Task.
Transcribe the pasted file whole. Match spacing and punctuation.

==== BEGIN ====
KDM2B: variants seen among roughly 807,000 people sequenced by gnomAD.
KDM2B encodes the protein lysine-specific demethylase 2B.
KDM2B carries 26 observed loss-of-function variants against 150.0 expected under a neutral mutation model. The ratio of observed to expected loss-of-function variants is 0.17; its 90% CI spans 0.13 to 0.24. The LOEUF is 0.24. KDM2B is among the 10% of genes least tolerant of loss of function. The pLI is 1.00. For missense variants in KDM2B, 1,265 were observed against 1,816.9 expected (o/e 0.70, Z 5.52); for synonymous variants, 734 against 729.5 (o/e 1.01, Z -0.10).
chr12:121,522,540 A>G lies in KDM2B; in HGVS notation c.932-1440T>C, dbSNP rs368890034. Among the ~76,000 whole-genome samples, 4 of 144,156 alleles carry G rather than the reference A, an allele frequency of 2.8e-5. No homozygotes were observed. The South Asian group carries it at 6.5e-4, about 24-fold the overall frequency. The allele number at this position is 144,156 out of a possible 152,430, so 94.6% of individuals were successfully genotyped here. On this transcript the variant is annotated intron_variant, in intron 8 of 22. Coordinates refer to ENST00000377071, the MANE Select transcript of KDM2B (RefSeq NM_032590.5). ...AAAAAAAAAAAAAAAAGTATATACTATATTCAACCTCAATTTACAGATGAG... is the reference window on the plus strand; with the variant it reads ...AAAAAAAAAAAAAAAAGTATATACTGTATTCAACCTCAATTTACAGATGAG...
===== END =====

KDM2B: variants seen among roughly 807,000 people sequenced by gnomAD.
KDM2B encodes the protein lysine-specific demethylase 2B.
KDM2B carries 26 observed loss-of-function variants against 150.0 expected under a neutral mutation model. The ratio of observed to expected loss-of-function variants is 0.17; its 90% CI spans 0.13 to 0.24. The LOEUF is 0.24. KDM2B is among the 10% of genes least tolerant of loss of function. The pLI is 1.00. For missense variants in KDM2B, 1,265 were observed against 1,816.9 expected (o/e 0.70, Z 5.52); for synonymous variants, 734 against 729.5 (o/e 1.01, Z -0.10).
chr12:121,522,540 A>G lies in KDM2B; in HGVS notation c.932-1440T>C, dbSNP rs368890034. Among the ~76,000 whole-genome samples, 4 of 144,156 alleles carry G rather than the reference A, an allele frequency of 2.8e-5. No homozygotes were observed. The South Asian group carries it at 6.5e-4, about 24-fold the overall frequency. The allele number at this position is 144,156 out of a possible 152,430, so 94.6% of individuals were successfully genotyped here. On this transcript the variant is annotated intron_variant, in intron 8 of 22. Coordinates refer to ENST00000377071, the MANE Select transcript of KDM2B (RefSeq NM_032590.5). ...AAAAAAAAAAAAAAAAGTATATACTATATTCAACCTCAATTTACAGATGAG... is the reference window on the plus strand; with the variant it reads ...AAAAAAAAAAAAAAAAGTATATACTGTATTCAACCTCAATTTACAGATGAG...